Jacksonville personal injury lawyers report that just seven types of procedures account for about 80% of all hospital admissions, deaths, complications, and costs attributed to emergency general surgeries across the country, according to new research published in ‘A Surgery.’
Prior to the study, lead researcher Dr. Joaquim M. Havens, director of Emergency Surgical Services at Brigham & Women’s Hospital in Boston, said he noticed that patients who were coming in with serious medical problems requiring unplanned emergency surgery were not faring as well as he thought they should.
In this study, published in late April in JAMA Surgery, Havens and his colleagues looked at procedures that meet the definition of emergency general surgery as created by the American Association of Surgery for Trauma, he said. These mainly include operations to deal with gastrointestinal problems, soft tissue infections, and hernias.
“When you look at surgeries done emergently and surgeries done electively, the outcomes are so different,” he told CBS News. “It really challenged me to look deeper into what was going on.”
Havens and a team of researchers analyzed 421,476 patient records from a national database of hospital inpatients, and they discovered that a mere seven procedures accounted for approximately 80% of all admissions, deaths, complications and inpatient costs related to emergency surgeries. Jacksonville personal injury lawyers report the sample included only adults who underwent a procedure within two days of admission from 2008 to 2011.
The researchers ranked procedures by total burden, taking into account frequency, complications, mortality rates, and financial costs. In the end, they found seven operations that collectively accounted for 80% of procedures, 80% of deaths, 79% of complications, and 80% of inpatient costs nationwide.
Havens, a researcher at Brigham & Women’s Hospital in Boston, and colleagues said some limitations of the study include the fact that it was based on claims data, which sometimes have missing information and other issues, and that patients who did not undergo operations were excluded but might have provided valuable information about possible differences in care when it’s managed by surgeons and non-surgeons.
Moreover, the analysis was limited to patients who had an operation within two days of being admitted, so it doesn’t account for the full burden of these kinds of procedures.
However, the authors suggested that there’s value in having quality benchmarks and cost-reduction strategies focus on these procedures. Jacksonville personal injury lawyers see the following seven dangerous and costly procedures are mostly related to the organs of the digestive system:
1. Removing Part of the Colon
2. Small-Bowel resection
3. Removing the gallbladder
4. Operations Related to Peptic Ulcer Disease
5. Removing Abdominal Adhesions
7. Other Operations to Open the Abdomen.
Some of the top seven operations are simply very risky, particularly when performed on an emergency basis, said Dr. Martin Paul, regional director of minimally invasive surgery for Johns Hopkins in the Washington, D.C., area.
“Bowel resection (surgery to remove portions of the bowel) is probably, even as an elective procedure, considered a risky operation,” said Paul, author of an accompanying journal editorial. “To do that under emergency circumstances when you don’t have the benefit of a bowel that’s been cleansed ahead of time, it sets the stage for some serious and expensive complications.” – Paul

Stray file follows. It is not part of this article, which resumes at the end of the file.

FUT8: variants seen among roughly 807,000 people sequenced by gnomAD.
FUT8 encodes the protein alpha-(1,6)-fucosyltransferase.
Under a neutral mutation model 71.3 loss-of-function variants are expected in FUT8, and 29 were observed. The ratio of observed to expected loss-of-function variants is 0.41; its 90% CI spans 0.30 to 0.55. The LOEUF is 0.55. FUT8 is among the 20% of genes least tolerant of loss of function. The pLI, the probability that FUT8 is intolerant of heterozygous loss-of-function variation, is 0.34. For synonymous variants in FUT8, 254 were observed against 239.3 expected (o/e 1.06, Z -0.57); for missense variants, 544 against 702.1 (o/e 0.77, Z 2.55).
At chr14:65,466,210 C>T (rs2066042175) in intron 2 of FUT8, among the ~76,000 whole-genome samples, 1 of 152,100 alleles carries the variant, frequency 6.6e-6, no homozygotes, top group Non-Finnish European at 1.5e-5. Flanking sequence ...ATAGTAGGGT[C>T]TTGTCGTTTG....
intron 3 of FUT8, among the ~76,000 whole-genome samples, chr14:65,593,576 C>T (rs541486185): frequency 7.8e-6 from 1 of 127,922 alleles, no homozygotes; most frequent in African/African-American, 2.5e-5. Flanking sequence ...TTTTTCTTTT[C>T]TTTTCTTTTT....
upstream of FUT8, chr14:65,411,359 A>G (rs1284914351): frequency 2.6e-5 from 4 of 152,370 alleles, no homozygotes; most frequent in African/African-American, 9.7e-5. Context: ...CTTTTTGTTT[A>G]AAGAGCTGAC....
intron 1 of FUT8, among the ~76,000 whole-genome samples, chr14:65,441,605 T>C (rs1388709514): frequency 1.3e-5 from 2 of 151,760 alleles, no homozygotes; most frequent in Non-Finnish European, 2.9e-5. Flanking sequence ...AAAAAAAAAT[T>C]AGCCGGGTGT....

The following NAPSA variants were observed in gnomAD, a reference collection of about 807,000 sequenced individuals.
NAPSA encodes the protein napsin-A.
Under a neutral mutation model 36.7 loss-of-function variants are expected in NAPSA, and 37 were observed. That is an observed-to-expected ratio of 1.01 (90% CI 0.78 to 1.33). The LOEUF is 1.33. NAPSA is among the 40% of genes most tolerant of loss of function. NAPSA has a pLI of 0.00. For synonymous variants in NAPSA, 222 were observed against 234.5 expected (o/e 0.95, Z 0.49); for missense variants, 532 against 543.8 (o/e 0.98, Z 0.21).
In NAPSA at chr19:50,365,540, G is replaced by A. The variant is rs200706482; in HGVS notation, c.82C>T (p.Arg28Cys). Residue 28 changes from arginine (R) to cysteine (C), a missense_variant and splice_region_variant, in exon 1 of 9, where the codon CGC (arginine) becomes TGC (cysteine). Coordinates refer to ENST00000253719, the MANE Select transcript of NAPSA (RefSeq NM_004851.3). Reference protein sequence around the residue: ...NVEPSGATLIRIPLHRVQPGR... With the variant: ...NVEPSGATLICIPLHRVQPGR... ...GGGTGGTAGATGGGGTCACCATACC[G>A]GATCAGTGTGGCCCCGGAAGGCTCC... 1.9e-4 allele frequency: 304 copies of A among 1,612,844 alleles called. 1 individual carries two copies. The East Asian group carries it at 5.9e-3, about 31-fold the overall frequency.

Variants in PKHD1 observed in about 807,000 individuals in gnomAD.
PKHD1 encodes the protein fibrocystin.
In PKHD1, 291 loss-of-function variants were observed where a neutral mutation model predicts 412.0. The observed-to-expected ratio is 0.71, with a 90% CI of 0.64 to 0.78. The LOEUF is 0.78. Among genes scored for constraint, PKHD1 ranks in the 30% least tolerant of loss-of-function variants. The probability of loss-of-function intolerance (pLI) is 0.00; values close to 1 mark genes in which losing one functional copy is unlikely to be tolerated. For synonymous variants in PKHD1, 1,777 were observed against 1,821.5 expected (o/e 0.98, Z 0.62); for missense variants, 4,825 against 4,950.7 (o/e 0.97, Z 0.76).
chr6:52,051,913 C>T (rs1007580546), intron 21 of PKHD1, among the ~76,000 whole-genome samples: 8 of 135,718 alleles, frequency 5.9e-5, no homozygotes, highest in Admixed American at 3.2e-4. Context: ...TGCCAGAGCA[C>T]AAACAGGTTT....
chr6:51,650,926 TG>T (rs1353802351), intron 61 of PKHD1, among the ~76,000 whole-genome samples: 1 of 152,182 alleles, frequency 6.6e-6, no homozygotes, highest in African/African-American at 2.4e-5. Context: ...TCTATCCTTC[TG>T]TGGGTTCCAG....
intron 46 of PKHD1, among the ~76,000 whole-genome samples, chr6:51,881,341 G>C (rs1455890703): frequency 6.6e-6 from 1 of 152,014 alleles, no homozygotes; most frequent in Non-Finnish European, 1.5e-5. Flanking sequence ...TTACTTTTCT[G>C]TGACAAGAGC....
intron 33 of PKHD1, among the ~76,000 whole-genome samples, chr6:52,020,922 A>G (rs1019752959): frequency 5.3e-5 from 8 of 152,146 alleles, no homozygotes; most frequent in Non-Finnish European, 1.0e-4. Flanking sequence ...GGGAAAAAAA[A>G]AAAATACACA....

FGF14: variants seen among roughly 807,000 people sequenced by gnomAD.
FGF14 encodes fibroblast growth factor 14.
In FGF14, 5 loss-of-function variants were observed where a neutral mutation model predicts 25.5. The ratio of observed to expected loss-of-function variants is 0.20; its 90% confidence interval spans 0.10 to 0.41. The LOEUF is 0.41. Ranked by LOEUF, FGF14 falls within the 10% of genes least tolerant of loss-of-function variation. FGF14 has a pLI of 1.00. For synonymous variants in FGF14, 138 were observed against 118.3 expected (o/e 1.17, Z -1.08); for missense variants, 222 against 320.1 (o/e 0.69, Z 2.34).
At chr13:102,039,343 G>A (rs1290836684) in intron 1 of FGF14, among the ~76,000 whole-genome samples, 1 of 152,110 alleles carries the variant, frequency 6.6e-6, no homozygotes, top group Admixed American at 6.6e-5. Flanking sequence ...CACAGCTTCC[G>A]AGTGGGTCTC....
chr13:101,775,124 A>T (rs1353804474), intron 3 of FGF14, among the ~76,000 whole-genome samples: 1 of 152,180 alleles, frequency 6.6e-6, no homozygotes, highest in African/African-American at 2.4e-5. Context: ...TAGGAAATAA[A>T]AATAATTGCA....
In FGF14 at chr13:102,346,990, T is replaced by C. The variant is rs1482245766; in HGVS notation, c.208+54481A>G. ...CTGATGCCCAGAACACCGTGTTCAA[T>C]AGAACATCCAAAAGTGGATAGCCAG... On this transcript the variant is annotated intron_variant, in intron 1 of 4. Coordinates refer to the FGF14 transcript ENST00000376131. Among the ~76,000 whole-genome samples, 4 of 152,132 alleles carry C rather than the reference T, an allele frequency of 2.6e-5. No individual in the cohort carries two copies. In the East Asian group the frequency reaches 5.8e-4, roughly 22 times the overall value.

Jacksonville personal injury lawyers are commonly asked, ‘what can we as patients and loved ones of patients be aware of as these surgeries are conducted?’ Given their high prevalence nationally and high proportion of burden they represent the 7 procedures identified in this study could lead to better clinical decision making, patient outcomes, and cost savings, the researchers wrote in their analysis.
The surgeries that topped this list that Jacksonville personal injury lawyers commonly see all involve the abdominal area. There are several reasons for this, Havens said. First, surgeries involving the abdomen are very common. “When we look at the numbers, there may be only 4,000 amputations compared to 600,000 gall bladder surgeries, he said.
Second, the complication rate is fairly high. “When you operate on the intestines, if you think about it, it’s full of bacteria, which puts you at a high risk of infection,” Havens said. “And if you’re getting an operation on your intestine, you’re likely not eating. You may not have been eating before the surgery. You won’t eat for a while after the surgery. So, often nutrition is a problem.”
Finally, many of these procedures are done more commonly in elderly patients, which can increase risk of complications and death according to Jacksonville personal injury lawyers at Edwards & Ragatz. Havens said the findings shed light on the procedures that need more attention and resources. He said future research needs to identify why these particular surgeries are so burdensome and what can be done to improve outcomes.
“I think emergency general surgery needs to be defined as a separate and unique specialty like cardiac surgery or vascular surgery,” he said. “This could stimulate discussion and perhaps lead to training changes to improve the quality and make emergency general surgeries safer so patients could get through this with less burden.”
If you or loved one has been injured or died as a result of medical negligence, contact a Jacksonville personal injury lawyer at Edwards & Ragatz for a free consultation (904)399.1609 or toll-free at (800)366.1609 or Feel free to e-mail our office at email@example.com or through our website at https://www.edwardsragatz.com